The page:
Format

Send to

Choose Destination
Osteoporos Int. 2017 Aug;28(8):2299-2307. doi: 10.1007/s00198-017-4059-3. Epub 2017 May 9.

The association between serum uric acid level and the risk of fractures: a systematic review and meta-analysis.

Author information

1
Department of Orthopedics, Chinese PLA General Hospital, No. 28 Fuxing Road, Beijing, 100853, People's Republic of China.
2
Department of Orthopedics, Chinese PLA General Hospital, No. 28 Fuxing Road, Beijing, 100853, People's Republic of China. zhanglcheng218@126.com.
3
Department of Orthopedics, Chinese PLA General Hospital, No. 28 Fuxing Road, Beijing, 100853, People's Republic of China. pftang301@126.com.

Abstract

Controversy has arisen in regarding the association between serum uric acid (UA) and fracture risk. Therefore, we conducted a systemic review and meta-analysis by pooling estimate of five prospective studies (29,110 participants). Results showed that an increased serum UA level is associated with a lower risk of fracture. Numerous studies have demonstrated that high serum UA is a relevant risk factor for a wide variety of diseases, whereas new understanding in serum uric acid follows recent reports demonstrating a protective role of UA in health status. However, the association between serum UA and fracture remains controversial. Therefore, we conduct a systemic review and meta-analysis to determine whether elevated UA level is a protective factor for fracture among prospective studies. We searched for studies published before May 6, 2016, using PubMed, Embase, and Cochrane databases, without any language restriction. The inclusion criteria were published studies investigating the association between UA and fractures. Two authors independently screened the retrieved articles in accordance to the predefined inclusion criteria. We pooled the study-specific relative risk estimates using a random-effect model for comparison of persons whose UA levels were in the top tertile with those in the bottom tertile. Factors that may predict these associations were evaluated in subgroup analysis and meta-regression. The five included prospective studies included 29,110 participants. In random-effect models that included all five included studies, the summary hazard ratios (HRs) (top vs bottom tertiles) were 079 (95% CI, 0.69 to 0.89), without evidence of heterogeneity (P for heterogeneity = 0.458; I 2 = 0%). Similar results were shown when pooling estimate of three higher-quality studies (HR 0.80 95% CI, 0.69 to 0.93). The association between UA and fracture remained in sensitivity and subgroup analyses. An increased serum UA level is shown to be associated with a lower risk of fracture, albeit additional large, high-quality prospective studies or a meta-analysis of individual data are still needed to verify the association.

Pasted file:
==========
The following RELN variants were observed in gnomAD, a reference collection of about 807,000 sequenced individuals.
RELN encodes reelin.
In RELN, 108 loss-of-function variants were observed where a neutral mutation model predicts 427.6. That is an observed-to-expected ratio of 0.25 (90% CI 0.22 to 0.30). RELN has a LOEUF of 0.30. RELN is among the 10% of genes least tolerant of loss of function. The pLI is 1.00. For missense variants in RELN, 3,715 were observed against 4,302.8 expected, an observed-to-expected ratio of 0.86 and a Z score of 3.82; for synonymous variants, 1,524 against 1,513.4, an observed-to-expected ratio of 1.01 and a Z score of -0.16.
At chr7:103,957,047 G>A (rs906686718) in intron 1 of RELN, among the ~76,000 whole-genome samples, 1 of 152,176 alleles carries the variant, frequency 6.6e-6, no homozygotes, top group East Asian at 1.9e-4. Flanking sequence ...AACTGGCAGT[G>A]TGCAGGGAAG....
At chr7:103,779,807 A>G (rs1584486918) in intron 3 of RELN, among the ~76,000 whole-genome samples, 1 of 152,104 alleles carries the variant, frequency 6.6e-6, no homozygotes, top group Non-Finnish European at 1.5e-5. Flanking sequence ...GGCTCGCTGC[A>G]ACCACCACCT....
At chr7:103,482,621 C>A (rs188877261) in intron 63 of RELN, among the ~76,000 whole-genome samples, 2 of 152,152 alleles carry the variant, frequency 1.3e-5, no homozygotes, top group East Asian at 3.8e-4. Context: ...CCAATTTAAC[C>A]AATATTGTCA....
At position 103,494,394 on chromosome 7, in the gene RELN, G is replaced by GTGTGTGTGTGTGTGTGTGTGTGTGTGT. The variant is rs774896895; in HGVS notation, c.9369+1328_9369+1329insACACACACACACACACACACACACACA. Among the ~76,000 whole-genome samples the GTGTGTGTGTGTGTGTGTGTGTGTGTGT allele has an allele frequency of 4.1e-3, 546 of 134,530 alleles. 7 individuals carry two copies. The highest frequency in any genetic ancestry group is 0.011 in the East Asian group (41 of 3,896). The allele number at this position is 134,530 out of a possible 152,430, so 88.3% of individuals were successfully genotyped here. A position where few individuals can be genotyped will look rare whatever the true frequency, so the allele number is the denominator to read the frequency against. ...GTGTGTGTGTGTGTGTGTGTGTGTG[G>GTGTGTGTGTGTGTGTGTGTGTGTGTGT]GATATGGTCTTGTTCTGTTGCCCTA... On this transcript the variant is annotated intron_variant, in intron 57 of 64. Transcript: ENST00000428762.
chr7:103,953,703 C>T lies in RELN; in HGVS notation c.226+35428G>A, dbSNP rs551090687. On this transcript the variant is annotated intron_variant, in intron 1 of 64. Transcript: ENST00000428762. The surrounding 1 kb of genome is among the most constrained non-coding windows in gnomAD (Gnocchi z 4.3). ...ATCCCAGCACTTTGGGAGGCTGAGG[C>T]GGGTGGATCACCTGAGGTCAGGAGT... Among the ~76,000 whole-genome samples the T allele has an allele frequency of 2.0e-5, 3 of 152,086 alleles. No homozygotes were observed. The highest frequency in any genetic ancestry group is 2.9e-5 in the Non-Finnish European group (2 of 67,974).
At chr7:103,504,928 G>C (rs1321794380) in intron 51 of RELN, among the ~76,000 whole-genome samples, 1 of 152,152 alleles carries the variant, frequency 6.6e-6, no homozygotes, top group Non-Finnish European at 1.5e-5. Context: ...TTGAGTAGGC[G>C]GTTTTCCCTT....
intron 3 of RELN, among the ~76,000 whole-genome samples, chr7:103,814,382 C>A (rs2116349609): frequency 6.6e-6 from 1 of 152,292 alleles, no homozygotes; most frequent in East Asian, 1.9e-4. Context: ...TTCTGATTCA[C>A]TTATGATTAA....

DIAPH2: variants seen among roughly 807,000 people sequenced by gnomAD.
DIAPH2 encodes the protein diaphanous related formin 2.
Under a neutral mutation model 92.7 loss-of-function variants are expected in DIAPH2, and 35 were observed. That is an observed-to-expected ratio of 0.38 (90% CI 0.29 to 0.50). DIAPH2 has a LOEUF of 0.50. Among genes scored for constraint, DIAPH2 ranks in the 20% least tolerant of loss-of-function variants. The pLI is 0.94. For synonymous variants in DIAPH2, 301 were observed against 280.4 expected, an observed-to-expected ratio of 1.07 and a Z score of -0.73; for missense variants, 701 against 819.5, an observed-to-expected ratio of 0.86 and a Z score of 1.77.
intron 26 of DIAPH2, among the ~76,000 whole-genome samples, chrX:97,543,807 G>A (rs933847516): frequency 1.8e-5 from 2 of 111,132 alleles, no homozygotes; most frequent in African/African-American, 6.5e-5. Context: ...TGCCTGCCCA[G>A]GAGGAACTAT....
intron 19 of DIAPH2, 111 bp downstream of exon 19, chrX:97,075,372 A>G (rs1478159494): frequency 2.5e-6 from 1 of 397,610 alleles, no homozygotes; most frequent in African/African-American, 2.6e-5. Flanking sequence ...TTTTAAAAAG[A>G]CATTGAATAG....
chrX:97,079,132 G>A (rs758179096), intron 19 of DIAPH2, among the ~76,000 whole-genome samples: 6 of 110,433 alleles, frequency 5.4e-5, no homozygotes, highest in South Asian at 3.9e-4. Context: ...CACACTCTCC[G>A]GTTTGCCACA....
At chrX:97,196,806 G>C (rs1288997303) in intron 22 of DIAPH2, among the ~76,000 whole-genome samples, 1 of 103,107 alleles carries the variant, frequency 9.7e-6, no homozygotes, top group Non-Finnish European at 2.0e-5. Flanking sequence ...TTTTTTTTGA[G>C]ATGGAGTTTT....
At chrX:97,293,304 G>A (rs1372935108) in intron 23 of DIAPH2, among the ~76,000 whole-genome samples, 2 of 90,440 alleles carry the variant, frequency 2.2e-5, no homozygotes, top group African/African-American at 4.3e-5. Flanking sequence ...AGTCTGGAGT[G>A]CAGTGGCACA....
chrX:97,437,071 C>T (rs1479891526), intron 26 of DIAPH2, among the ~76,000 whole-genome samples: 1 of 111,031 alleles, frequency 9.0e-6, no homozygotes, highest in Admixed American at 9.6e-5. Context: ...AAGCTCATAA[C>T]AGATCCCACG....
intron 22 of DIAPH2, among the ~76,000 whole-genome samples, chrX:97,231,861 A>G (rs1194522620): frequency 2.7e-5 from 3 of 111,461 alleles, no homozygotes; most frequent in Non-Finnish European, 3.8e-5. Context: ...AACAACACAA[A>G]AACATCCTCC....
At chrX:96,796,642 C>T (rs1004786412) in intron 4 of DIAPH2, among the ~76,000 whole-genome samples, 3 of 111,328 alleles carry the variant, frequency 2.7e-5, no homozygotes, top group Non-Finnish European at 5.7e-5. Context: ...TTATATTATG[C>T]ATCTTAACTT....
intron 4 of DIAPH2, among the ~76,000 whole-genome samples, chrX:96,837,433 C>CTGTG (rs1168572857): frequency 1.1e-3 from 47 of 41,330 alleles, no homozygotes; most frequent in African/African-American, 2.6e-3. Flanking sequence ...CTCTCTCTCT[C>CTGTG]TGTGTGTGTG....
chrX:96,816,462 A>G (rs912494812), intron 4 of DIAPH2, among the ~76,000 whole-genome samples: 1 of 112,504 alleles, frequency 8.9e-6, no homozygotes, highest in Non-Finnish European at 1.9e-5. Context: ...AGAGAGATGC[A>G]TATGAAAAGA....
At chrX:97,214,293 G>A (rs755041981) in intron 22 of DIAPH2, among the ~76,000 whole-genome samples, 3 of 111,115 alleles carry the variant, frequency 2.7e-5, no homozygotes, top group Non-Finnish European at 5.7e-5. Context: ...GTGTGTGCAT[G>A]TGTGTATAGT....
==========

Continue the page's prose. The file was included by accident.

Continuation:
KEYWORDS:

Fracture; Gout; Meta-analysis; Uric acid

PMID:
28488134
DOI:
10.1007/s00198-017-4059-3
[Indexed for MEDLINE]

Supplemental Content

Full text links

Icon for Springer
Loading ...
Support Center